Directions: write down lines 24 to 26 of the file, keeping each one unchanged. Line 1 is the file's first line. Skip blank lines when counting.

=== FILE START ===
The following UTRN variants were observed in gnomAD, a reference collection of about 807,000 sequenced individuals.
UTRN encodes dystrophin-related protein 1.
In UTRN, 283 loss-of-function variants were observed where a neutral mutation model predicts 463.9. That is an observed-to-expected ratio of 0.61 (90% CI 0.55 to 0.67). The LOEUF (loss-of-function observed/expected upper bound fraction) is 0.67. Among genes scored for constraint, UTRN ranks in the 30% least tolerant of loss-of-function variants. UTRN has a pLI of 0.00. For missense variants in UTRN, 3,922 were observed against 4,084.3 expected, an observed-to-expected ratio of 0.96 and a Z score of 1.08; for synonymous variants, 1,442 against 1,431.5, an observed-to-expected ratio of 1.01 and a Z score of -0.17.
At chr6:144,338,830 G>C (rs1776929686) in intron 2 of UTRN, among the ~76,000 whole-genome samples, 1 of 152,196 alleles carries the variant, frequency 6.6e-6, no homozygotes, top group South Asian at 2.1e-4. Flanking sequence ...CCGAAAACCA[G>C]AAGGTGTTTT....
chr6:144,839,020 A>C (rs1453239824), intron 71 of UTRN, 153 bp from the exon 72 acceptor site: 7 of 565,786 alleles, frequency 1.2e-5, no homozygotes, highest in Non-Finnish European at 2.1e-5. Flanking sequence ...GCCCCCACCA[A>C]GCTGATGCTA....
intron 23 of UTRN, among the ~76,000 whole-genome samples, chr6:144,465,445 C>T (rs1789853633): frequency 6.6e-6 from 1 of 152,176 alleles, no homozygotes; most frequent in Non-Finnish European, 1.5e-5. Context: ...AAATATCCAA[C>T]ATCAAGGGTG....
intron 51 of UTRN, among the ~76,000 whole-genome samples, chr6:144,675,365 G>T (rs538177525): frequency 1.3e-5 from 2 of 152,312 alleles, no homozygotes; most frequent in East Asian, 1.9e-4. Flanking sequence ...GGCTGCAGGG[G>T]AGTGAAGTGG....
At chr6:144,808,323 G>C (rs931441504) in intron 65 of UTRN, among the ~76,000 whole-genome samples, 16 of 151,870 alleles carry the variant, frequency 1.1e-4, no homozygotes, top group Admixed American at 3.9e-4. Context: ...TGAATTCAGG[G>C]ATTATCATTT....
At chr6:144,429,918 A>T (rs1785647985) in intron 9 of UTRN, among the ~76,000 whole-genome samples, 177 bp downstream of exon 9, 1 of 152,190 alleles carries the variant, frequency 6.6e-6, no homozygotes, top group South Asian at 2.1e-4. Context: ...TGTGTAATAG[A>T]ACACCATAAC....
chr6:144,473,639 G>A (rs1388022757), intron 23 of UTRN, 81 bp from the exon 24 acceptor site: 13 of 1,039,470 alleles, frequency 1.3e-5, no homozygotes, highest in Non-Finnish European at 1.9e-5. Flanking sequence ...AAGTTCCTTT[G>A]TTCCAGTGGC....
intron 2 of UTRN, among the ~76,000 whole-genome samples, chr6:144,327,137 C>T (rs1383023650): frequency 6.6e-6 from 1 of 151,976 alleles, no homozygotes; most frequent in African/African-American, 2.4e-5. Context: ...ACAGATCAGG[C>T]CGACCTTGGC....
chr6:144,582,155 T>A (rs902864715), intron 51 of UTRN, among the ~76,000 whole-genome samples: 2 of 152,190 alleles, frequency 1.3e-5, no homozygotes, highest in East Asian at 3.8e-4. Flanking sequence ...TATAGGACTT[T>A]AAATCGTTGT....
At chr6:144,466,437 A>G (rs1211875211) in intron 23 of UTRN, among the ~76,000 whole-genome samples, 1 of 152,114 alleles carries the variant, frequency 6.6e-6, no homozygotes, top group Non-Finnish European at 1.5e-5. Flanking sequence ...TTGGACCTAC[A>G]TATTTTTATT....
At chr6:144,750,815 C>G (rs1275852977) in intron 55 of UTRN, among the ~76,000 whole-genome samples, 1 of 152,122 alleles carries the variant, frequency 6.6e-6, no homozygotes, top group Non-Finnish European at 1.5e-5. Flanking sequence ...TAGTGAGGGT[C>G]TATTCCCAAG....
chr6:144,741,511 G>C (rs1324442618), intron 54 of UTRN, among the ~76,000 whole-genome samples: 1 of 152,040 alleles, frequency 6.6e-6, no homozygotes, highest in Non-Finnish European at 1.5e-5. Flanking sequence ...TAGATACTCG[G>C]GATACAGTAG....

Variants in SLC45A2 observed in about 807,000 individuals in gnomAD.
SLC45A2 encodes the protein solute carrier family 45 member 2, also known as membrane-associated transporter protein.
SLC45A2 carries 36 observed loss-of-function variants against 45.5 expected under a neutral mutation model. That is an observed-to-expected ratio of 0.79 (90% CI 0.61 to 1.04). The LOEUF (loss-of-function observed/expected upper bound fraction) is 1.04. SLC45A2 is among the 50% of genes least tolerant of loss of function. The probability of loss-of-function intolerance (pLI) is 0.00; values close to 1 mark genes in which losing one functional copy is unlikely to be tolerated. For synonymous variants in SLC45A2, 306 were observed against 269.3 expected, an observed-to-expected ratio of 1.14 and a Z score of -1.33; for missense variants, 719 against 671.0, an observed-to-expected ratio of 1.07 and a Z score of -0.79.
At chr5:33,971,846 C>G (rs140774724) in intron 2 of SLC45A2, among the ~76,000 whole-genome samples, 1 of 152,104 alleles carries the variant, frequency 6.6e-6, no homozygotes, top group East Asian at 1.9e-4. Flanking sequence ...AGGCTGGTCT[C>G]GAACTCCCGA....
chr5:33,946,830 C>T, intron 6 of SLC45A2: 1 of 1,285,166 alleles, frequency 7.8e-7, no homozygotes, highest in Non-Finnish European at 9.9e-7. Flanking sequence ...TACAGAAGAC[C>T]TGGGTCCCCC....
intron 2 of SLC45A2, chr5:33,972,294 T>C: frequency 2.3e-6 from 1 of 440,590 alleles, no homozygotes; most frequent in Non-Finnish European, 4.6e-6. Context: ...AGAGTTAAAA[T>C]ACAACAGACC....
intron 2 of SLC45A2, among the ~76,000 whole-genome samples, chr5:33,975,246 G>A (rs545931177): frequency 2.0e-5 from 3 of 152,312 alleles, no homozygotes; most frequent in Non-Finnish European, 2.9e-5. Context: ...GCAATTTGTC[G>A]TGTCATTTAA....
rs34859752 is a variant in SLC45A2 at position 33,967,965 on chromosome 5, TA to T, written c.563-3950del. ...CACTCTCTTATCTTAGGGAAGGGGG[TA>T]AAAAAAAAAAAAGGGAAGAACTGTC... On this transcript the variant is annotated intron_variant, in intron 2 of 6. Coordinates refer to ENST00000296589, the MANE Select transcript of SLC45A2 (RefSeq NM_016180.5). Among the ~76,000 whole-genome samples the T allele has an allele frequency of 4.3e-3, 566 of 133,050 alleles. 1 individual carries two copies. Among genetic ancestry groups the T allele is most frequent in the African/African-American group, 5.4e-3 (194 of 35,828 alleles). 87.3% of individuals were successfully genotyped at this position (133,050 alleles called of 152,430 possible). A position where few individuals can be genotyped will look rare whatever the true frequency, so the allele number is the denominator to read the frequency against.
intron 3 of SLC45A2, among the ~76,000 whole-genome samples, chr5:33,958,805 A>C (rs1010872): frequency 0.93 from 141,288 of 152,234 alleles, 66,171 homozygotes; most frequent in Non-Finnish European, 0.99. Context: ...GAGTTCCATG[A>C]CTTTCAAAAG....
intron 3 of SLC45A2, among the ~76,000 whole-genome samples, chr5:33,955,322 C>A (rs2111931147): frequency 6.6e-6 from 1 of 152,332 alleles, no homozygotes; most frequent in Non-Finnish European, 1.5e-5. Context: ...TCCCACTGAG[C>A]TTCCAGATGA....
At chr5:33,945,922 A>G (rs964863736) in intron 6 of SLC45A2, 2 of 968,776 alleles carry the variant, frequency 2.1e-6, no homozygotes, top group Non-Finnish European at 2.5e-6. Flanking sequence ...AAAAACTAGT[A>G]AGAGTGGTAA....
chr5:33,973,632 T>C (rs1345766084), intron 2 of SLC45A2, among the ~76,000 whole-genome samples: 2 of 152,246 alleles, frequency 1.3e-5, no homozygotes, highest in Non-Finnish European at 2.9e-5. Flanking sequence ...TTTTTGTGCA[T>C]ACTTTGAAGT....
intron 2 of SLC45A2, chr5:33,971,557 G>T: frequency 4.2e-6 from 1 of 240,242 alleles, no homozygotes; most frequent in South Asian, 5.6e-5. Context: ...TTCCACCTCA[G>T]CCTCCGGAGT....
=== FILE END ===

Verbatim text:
intron 3 of SLC45A2, among the ~76,000 whole-genome samples, chr5:33,958,805 A>C (rs1010872): frequency 0.93 from 141,288 of 152,234 alleles, 66,171 homozygotes; most frequent in Non-Finnish European, 0.99. Context: ...GAGTTCCATG[A>C]CTTTCAAAAG....
intron 3 of SLC45A2, among the ~76,000 whole-genome samples, chr5:33,955,322 C>A (rs2111931147): frequency 6.6e-6 from 1 of 152,332 alleles, no homozygotes; most frequent in Non-Finnish European, 1.5e-5. Context: ...TCCCACTGAG[C>A]TTCCAGATGA....
At chr5:33,945,922 A>G (rs964863736) in intron 6 of SLC45A2, 2 of 968,776 alleles carry the variant, frequency 2.1e-6, no homozygotes, top group Non-Finnish European at 2.5e-6. Flanking sequence ...AAAAACTAGT[A>G]AGAGTGGTAA....